Blackpool’s Section 25 followed in the Joy Division tradition, anchoring their songs to basso depresso vocals and upfront drums, backed by synthesizers and guitar. Though lacking that band’s intensity, they did nicely reproduce the atmosphere. The self-produced Key of Dreams presents nine examinations of paranoia and anxiety, using lurking glissandi, curious touches of Doorsish piano and Oriental philosophy. Always Now works away from imitation, giving greater emphasis to musical technique outside the parameters of rock. Producer Martin Hannett thickens the sound, bringing new body to Section 25’s work. (The package is also worth mentioning: a marbleized inner sleeve in a heavyweight top-opening bright yellow envelope.)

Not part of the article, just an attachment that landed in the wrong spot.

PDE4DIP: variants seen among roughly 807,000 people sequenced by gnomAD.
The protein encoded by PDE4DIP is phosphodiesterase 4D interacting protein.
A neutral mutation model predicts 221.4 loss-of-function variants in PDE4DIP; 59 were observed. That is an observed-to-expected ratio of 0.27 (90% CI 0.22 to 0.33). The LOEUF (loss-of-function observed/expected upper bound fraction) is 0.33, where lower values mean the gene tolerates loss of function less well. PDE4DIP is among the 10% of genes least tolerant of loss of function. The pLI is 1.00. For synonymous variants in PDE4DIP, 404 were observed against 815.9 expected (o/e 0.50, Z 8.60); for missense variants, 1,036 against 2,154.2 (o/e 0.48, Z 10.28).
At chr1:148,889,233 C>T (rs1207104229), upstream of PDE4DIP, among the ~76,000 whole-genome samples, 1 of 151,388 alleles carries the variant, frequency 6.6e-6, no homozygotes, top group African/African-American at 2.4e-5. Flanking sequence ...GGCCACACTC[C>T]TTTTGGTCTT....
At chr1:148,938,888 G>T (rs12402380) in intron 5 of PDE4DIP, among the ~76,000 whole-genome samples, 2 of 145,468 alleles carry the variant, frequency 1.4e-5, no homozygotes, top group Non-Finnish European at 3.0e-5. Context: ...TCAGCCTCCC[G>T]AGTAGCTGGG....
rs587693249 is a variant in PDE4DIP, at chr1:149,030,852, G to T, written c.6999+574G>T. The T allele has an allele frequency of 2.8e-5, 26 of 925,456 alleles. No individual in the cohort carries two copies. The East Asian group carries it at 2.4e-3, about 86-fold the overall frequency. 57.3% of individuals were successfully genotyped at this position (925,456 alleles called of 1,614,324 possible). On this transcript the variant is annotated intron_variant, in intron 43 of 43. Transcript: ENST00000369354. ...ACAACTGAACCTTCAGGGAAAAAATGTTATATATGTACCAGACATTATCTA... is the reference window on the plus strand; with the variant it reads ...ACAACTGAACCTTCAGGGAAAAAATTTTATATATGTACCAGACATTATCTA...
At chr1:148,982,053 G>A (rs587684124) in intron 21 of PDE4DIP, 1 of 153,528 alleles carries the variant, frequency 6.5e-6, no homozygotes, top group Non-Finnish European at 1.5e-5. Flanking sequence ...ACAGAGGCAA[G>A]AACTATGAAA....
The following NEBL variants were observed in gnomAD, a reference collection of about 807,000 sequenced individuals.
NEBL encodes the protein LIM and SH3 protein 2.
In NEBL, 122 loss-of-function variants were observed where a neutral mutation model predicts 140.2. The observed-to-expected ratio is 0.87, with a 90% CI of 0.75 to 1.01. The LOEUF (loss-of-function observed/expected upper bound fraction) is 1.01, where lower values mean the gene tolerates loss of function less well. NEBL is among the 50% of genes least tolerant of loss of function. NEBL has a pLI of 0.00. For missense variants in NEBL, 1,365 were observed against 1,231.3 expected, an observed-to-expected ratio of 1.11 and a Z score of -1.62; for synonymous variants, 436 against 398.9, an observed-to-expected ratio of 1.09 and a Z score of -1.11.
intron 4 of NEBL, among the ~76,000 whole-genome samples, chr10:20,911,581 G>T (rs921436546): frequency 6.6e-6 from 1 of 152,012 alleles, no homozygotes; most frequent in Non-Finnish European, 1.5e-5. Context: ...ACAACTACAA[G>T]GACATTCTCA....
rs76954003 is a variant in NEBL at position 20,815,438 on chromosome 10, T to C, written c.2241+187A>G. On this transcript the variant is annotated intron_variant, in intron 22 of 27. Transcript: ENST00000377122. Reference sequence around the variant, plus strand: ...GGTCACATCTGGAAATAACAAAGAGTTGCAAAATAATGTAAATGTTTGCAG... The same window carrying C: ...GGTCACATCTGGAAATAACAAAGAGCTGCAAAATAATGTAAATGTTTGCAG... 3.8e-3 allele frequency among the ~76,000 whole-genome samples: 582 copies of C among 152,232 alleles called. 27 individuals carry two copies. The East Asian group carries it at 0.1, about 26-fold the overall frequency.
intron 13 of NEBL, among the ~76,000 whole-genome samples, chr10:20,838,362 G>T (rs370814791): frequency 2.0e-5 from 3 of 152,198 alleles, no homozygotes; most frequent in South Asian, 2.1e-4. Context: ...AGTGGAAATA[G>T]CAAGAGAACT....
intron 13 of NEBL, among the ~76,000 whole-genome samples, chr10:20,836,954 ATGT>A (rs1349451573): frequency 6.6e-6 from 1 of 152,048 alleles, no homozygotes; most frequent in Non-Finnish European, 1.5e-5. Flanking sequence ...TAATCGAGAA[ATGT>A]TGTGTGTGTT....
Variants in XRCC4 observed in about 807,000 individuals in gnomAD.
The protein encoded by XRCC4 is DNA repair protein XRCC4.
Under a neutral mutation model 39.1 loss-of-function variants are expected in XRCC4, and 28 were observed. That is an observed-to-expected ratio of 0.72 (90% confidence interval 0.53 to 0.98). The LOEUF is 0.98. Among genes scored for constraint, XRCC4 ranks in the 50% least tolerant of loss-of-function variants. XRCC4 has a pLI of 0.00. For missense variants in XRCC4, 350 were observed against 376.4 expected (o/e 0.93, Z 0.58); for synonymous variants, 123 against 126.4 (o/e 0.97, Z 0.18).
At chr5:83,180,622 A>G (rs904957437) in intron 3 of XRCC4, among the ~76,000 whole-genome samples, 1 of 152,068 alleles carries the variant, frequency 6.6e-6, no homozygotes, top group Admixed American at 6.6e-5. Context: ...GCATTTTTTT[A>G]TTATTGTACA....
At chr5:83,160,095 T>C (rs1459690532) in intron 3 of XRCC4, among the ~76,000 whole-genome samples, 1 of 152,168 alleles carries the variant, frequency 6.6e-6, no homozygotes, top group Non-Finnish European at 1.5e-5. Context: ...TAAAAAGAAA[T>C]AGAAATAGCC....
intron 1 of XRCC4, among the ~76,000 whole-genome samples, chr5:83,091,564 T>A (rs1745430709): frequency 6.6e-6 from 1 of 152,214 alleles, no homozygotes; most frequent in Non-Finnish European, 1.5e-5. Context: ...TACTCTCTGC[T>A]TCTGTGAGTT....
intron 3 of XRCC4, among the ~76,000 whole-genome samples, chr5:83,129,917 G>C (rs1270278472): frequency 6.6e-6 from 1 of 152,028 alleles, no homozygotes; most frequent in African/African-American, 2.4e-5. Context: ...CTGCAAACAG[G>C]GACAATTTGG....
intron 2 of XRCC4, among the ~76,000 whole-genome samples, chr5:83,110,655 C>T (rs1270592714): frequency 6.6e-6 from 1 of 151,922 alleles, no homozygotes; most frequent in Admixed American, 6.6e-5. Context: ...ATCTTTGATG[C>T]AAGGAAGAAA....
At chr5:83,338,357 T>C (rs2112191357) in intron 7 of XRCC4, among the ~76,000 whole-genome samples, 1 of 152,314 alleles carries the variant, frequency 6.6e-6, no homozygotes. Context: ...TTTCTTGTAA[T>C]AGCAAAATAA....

From the Hip takes after New Order a bit and explores two alternate paths — pastoral mood pieces featuring soothing ambient synthesizer and faint guitar, and driving electronic dance music with a light touch — both of which succeed to great effect. It’s their best album (and “Reflection” could be a hit single) — a distinguished example of where modern synthesizer music is going.